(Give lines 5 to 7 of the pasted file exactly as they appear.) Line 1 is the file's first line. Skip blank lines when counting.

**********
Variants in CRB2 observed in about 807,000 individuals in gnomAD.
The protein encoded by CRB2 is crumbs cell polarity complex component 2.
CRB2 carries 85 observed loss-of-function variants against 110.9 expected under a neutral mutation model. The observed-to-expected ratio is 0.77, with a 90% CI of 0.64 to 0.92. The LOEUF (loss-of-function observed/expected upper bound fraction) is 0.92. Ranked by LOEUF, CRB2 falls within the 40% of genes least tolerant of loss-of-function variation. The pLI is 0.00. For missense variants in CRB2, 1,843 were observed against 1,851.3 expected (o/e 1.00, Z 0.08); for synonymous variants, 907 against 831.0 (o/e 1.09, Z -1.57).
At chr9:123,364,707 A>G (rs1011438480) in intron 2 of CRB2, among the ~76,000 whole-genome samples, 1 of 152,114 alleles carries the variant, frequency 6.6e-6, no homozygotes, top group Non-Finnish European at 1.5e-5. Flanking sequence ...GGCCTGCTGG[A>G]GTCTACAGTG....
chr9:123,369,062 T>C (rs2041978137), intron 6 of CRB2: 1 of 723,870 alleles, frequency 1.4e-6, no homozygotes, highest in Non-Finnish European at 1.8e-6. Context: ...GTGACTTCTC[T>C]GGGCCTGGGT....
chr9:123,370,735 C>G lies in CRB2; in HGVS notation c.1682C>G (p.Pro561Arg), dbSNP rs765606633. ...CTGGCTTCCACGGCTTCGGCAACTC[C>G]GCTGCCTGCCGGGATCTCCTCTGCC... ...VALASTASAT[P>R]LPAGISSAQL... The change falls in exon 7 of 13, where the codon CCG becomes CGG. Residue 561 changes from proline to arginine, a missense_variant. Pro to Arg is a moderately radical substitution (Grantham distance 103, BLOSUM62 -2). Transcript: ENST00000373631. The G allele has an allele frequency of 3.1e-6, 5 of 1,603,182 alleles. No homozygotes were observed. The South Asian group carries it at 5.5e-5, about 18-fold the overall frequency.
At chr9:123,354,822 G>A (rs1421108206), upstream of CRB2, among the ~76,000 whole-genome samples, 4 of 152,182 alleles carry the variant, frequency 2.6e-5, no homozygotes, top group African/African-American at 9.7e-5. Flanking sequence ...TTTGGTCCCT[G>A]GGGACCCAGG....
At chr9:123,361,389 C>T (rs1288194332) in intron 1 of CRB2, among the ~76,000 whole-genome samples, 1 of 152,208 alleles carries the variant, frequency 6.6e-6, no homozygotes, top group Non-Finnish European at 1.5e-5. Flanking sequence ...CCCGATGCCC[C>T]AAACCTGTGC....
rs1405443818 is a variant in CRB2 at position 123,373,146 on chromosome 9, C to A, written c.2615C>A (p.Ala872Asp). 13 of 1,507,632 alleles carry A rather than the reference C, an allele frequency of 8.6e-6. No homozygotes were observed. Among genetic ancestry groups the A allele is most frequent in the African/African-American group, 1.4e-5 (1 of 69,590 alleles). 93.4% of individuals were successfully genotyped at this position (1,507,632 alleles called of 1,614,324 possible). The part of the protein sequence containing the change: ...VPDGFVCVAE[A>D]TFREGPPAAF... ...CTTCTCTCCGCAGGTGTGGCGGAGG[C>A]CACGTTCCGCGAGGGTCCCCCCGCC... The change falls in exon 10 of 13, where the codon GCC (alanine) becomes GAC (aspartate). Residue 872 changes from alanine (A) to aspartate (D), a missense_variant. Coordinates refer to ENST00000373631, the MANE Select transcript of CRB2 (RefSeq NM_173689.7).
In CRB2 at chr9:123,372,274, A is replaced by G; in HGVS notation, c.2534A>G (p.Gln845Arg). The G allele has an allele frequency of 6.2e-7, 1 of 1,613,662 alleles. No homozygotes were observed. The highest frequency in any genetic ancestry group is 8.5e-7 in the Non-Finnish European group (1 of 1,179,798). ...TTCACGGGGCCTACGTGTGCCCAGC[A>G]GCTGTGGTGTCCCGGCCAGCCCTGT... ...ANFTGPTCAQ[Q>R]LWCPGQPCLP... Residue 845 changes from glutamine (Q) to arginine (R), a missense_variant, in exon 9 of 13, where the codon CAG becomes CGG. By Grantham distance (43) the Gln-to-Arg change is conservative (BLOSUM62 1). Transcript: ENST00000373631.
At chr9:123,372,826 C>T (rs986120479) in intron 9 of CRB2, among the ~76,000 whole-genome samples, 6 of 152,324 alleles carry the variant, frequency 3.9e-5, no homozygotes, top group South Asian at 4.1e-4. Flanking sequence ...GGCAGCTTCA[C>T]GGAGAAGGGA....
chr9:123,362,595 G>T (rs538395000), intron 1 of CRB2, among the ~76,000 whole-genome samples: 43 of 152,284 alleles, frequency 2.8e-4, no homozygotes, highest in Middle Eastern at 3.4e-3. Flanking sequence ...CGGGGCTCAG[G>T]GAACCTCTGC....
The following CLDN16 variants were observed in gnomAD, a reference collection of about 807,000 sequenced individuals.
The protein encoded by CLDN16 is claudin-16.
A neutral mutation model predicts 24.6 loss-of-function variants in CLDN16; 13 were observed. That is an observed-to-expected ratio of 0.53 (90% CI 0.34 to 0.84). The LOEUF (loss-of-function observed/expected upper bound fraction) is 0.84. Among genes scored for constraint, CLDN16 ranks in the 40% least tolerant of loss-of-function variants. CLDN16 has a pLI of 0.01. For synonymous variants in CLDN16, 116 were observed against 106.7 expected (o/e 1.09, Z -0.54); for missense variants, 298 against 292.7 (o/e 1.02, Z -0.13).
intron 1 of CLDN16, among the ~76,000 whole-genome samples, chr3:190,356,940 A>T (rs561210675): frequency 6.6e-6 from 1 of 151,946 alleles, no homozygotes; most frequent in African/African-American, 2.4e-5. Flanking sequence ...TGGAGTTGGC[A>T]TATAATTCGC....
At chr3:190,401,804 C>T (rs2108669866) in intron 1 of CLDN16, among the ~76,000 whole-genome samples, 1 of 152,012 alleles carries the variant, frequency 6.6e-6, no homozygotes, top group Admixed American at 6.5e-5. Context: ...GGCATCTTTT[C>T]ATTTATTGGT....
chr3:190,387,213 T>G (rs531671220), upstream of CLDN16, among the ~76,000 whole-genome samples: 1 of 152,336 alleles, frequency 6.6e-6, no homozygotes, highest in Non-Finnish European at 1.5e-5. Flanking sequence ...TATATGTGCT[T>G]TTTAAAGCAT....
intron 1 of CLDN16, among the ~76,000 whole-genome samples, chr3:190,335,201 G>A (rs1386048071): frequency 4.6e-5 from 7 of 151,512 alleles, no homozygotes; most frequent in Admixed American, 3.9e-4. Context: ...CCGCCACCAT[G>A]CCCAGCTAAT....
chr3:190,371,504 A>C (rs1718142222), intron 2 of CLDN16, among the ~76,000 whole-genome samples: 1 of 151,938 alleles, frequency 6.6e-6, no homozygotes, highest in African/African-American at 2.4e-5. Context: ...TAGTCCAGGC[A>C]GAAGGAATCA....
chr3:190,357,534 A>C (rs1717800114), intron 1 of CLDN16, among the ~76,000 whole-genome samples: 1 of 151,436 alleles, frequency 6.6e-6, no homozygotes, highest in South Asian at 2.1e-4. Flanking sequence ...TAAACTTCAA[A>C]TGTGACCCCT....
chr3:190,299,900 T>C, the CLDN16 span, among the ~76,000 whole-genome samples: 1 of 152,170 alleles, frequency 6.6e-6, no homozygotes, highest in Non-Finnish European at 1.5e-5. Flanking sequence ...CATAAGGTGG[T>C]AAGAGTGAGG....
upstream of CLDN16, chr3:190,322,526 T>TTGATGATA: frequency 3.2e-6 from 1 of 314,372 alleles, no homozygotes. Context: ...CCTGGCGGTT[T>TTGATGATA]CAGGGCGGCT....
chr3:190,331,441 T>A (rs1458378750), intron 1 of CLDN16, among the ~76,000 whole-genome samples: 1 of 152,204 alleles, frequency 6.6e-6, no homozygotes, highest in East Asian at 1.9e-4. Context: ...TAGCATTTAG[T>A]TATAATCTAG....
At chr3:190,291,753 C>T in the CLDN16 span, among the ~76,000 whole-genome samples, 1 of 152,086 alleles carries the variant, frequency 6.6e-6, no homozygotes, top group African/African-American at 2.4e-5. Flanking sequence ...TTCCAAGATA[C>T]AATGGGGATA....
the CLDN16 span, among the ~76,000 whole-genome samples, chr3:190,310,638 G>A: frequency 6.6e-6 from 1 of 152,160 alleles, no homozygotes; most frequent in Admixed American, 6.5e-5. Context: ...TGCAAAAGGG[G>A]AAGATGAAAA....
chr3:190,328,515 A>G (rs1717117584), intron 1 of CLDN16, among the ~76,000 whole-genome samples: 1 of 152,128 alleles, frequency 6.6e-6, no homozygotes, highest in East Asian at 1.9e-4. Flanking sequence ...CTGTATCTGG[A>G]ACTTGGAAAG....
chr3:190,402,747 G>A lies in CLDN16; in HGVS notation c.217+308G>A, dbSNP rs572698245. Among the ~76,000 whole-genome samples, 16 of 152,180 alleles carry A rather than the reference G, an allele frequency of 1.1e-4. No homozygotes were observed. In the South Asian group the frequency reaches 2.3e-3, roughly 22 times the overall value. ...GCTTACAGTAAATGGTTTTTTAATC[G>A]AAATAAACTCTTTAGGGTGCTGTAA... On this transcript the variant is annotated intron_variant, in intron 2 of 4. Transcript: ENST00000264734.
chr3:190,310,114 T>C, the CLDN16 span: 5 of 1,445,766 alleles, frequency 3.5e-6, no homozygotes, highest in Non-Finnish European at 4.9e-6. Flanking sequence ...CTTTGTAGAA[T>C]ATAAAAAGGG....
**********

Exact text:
chr9:123,369,062 T>C (rs2041978137), intron 6 of CRB2: 1 of 723,870 alleles, frequency 1.4e-6, no homozygotes, highest in Non-Finnish European at 1.8e-6. Context: ...GTGACTTCTC[T>C]GGGCCTGGGT....
chr9:123,370,735 C>G lies in CRB2; in HGVS notation c.1682C>G (p.Pro561Arg), dbSNP rs765606633. ...CTGGCTTCCACGGCTTCGGCAACTC[C>G]GCTGCCTGCCGGGATCTCCTCTGCC... ...VALASTASAT[P>R]LPAGISSAQL... The change falls in exon 7 of 13, where the codon CCG becomes CGG. Residue 561 changes from proline to arginine, a missense_variant. Pro to Arg is a moderately radical substitution (Grantham distance 103, BLOSUM62 -2). Transcript: ENST00000373631. The G allele has an allele frequency of 3.1e-6, 5 of 1,603,182 alleles. No homozygotes were observed. The South Asian group carries it at 5.5e-5, about 18-fold the overall frequency.
At chr9:123,354,822 G>A (rs1421108206), upstream of CRB2, among the ~76,000 whole-genome samples, 4 of 152,182 alleles carry the variant, frequency 2.6e-5, no homozygotes, top group African/African-American at 9.7e-5. Flanking sequence ...TTTGGTCCCT[G>A]GGGACCCAGG....